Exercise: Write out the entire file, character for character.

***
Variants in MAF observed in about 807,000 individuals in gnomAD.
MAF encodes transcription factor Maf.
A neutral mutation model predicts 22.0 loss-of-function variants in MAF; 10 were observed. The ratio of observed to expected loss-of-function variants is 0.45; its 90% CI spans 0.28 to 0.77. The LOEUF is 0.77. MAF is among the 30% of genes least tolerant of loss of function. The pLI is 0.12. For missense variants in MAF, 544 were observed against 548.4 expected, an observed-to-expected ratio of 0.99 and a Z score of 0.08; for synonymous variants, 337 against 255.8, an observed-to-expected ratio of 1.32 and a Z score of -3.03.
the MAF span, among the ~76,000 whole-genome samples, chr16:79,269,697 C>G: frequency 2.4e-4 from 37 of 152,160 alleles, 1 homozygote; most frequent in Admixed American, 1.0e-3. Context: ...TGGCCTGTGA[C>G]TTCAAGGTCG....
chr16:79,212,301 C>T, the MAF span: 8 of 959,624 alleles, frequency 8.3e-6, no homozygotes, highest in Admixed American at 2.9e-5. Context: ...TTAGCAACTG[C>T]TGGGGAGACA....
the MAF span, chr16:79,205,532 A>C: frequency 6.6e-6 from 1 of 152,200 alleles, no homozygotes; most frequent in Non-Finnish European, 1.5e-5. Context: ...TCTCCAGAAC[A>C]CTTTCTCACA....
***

Variants in MAF observed in about 807,000 individuals in gnomAD.
MAF encodes transcription factor Maf.
A neutral mutation model predicts 22.0 loss-of-function variants in MAF; 10 were observed. The ratio of observed to expected loss-of-function variants is 0.45; its 90% CI spans 0.28 to 0.77. The LOEUF is 0.77. MAF is among the 30% of genes least tolerant of loss of function. The pLI is 0.12. For missense variants in MAF, 544 were observed against 548.4 expected, an observed-to-expected ratio of 0.99 and a Z score of 0.08; for synonymous variants, 337 against 255.8, an observed-to-expected ratio of 1.32 and a Z score of -3.03.
the MAF span, among the ~76,000 whole-genome samples, chr16:79,269,697 C>G: frequency 2.4e-4 from 37 of 152,160 alleles, 1 homozygote; most frequent in Admixed American, 1.0e-3. Context: ...TGGCCTGTGA[C>G]TTCAAGGTCG....
chr16:79,212,301 C>T, the MAF span: 8 of 959,624 alleles, frequency 8.3e-6, no homozygotes, highest in Admixed American at 2.9e-5. Context: ...TTAGCAACTG[C>T]TGGGGAGACA....
the MAF span, chr16:79,205,532 A>C: frequency 6.6e-6 from 1 of 152,200 alleles, no homozygotes; most frequent in Non-Finnish European, 1.5e-5. Context: ...TCTCCAGAAC[A>C]CTTTCTCACA....